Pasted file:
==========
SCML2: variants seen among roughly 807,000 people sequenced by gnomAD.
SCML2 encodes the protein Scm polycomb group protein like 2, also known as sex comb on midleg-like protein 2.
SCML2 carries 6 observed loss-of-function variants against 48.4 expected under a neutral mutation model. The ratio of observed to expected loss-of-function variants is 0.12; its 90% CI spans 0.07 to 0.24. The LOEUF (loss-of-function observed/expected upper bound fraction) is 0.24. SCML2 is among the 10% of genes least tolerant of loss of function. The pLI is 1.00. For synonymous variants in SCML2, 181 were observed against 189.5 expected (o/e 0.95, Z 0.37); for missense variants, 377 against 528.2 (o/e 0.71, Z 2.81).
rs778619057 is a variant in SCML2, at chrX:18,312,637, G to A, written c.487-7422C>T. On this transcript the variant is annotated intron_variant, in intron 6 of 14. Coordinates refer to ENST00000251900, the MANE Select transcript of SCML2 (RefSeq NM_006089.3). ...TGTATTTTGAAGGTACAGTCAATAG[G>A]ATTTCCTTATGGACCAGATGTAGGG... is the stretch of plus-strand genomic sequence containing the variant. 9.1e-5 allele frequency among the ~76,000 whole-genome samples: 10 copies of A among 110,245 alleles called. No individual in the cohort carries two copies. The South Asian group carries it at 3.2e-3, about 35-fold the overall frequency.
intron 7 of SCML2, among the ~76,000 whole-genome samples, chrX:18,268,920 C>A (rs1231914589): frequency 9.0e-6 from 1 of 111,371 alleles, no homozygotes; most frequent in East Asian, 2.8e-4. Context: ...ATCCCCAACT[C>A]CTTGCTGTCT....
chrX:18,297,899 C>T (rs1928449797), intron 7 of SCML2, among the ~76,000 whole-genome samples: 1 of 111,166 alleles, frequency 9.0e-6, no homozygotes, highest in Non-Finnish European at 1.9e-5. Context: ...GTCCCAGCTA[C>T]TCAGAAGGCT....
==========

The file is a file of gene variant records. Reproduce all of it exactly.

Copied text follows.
SCML2: variants seen among roughly 807,000 people sequenced by gnomAD.
SCML2 encodes the protein Scm polycomb group protein like 2, also known as sex comb on midleg-like protein 2.
SCML2 carries 6 observed loss-of-function variants against 48.4 expected under a neutral mutation model. The ratio of observed to expected loss-of-function variants is 0.12; its 90% CI spans 0.07 to 0.24. The LOEUF (loss-of-function observed/expected upper bound fraction) is 0.24. SCML2 is among the 10% of genes least tolerant of loss of function. The pLI is 1.00. For synonymous variants in SCML2, 181 were observed against 189.5 expected (o/e 0.95, Z 0.37); for missense variants, 377 against 528.2 (o/e 0.71, Z 2.81).
rs778619057 is a variant in SCML2, at chrX:18,312,637, G to A, written c.487-7422C>T. On this transcript the variant is annotated intron_variant, in intron 6 of 14. Coordinates refer to ENST00000251900, the MANE Select transcript of SCML2 (RefSeq NM_006089.3). ...TGTATTTTGAAGGTACAGTCAATAG[G>A]ATTTCCTTATGGACCAGATGTAGGG... is the stretch of plus-strand genomic sequence containing the variant. 9.1e-5 allele frequency among the ~76,000 whole-genome samples: 10 copies of A among 110,245 alleles called. No individual in the cohort carries two copies. The South Asian group carries it at 3.2e-3, about 35-fold the overall frequency.
intron 7 of SCML2, among the ~76,000 whole-genome samples, chrX:18,268,920 C>A (rs1231914589): frequency 9.0e-6 from 1 of 111,371 alleles, no homozygotes; most frequent in East Asian, 2.8e-4. Context: ...ATCCCCAACT[C>A]CTTGCTGTCT....
chrX:18,297,899 C>T (rs1928449797), intron 7 of SCML2, among the ~76,000 whole-genome samples: 1 of 111,166 alleles, frequency 9.0e-6, no homozygotes, highest in Non-Finnish European at 1.9e-5. Context: ...GTCCCAGCTA[C>T]TCAGAAGGCT....